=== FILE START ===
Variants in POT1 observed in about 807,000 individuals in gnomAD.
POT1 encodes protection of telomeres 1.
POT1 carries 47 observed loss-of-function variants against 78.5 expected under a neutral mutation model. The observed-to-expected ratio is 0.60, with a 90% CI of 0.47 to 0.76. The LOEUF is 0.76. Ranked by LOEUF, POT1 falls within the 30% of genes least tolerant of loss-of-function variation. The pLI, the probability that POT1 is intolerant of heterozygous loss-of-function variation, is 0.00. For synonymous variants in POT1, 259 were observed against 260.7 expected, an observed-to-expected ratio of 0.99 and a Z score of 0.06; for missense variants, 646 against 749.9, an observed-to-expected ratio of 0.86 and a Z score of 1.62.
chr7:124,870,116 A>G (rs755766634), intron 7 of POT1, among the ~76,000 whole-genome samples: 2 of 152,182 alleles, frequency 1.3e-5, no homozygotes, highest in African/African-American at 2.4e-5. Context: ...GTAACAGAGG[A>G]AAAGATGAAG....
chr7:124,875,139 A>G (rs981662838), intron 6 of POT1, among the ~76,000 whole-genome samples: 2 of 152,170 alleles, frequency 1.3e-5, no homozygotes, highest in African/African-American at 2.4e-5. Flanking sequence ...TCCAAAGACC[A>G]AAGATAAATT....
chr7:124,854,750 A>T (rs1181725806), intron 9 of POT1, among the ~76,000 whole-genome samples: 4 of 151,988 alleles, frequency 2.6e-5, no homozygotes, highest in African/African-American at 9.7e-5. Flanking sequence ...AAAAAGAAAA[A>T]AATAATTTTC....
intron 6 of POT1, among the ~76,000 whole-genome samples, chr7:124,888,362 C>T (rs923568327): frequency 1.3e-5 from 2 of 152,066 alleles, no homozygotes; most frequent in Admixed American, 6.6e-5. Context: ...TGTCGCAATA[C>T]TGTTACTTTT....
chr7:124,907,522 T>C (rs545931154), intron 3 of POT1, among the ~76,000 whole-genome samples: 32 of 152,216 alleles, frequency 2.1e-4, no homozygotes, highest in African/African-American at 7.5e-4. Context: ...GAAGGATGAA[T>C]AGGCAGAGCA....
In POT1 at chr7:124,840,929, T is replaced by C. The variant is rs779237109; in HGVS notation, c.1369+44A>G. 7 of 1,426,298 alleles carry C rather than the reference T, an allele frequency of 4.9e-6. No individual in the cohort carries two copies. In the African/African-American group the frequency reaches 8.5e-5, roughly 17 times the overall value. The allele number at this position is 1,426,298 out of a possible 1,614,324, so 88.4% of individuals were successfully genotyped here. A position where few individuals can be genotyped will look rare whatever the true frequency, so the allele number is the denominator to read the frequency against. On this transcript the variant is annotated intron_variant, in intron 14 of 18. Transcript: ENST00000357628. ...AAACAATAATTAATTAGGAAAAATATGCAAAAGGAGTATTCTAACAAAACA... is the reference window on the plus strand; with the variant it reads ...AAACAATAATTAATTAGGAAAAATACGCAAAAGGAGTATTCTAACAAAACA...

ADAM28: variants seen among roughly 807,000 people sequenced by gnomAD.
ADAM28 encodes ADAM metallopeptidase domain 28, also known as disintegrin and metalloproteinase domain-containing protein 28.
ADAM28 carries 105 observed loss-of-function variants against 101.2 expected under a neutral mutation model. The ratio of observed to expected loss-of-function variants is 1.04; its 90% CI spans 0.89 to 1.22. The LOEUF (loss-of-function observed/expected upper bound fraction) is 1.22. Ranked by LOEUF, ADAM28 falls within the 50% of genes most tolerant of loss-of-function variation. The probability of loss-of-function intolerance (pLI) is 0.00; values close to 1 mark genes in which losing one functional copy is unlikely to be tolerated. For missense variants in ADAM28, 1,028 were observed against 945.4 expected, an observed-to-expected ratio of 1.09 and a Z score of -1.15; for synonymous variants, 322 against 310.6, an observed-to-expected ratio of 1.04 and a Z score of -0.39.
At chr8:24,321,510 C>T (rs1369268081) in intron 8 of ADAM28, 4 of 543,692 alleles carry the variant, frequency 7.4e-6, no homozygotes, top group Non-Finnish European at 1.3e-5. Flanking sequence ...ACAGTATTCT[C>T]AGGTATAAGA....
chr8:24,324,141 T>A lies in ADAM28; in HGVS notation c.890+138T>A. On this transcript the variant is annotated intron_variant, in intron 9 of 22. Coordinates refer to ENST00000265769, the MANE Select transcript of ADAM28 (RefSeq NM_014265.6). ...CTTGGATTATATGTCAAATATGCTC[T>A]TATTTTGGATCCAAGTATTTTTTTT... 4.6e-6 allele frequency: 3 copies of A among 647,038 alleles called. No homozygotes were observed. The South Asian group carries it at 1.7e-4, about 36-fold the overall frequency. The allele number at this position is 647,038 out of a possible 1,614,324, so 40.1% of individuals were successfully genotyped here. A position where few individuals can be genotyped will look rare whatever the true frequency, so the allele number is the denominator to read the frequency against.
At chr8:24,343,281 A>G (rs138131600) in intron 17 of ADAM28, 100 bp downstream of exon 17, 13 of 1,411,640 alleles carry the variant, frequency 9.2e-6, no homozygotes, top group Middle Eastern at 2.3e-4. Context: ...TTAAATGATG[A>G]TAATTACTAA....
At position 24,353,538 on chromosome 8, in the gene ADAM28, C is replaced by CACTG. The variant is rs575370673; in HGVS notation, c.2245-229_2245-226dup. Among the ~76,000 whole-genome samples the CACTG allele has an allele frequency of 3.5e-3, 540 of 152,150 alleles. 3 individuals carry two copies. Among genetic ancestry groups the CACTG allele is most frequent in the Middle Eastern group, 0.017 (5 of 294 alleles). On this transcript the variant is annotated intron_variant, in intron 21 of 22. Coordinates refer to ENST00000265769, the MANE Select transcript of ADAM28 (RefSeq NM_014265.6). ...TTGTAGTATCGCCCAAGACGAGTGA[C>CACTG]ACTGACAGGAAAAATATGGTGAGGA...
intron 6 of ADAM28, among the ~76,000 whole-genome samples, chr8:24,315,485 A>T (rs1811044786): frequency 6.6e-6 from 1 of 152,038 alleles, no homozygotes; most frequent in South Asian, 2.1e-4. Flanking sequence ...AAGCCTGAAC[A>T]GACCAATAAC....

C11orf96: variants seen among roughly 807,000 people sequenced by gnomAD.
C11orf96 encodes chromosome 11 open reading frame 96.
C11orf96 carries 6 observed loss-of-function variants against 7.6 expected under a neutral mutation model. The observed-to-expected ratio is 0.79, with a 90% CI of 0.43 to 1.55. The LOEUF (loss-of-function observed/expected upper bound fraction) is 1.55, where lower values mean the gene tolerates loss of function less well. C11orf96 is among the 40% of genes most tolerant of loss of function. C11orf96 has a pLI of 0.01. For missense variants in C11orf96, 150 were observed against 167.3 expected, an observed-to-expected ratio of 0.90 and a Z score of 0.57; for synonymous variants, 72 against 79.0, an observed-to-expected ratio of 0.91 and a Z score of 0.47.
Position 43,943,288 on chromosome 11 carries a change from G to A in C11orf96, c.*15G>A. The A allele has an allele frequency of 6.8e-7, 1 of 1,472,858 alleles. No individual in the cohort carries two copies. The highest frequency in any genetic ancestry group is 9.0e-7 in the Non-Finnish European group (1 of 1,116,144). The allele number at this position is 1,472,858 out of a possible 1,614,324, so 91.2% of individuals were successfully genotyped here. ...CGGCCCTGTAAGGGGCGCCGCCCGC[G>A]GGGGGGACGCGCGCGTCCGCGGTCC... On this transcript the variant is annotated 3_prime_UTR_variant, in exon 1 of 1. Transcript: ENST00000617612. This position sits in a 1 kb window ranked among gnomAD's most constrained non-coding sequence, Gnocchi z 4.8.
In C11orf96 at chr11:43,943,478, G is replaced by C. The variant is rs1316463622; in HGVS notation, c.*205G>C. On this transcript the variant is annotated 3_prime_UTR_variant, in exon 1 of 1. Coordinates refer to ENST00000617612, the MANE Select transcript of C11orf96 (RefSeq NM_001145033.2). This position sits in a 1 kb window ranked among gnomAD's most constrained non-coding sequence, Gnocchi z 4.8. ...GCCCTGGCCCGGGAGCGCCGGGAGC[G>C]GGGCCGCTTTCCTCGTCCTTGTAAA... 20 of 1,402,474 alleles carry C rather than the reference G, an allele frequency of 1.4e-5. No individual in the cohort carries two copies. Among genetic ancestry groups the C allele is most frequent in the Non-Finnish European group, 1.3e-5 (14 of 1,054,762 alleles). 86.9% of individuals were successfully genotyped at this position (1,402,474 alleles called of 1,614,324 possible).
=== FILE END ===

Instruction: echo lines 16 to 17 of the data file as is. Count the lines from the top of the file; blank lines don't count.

At position 24,353,538 on chromosome 8, in the gene ADAM28, C is replaced by CACTG. The variant is rs575370673; in HGVS notation, c.2245-229_2245-226dup. Among the ~76,000 whole-genome samples the CACTG allele has an allele frequency of 3.5e-3, 540 of 152,150 alleles. 3 individuals carry two copies. Among genetic ancestry groups the CACTG allele is most frequent in the Middle Eastern group, 0.017 (5 of 294 alleles). On this transcript the variant is annotated intron_variant, in intron 21 of 22. Coordinates refer to ENST00000265769, the MANE Select transcript of ADAM28 (RefSeq NM_014265.6). ...TTGTAGTATCGCCCAAGACGAGTGA[C>CACTG]ACTGACAGGAAAAATATGGTGAGGA...
intron 6 of ADAM28, among the ~76,000 whole-genome samples, chr8:24,315,485 A>T (rs1811044786): frequency 6.6e-6 from 1 of 152,038 alleles, no homozygotes; most frequent in South Asian, 2.1e-4. Flanking sequence ...AAGCCTGAAC[A>T]GACCAATAAC....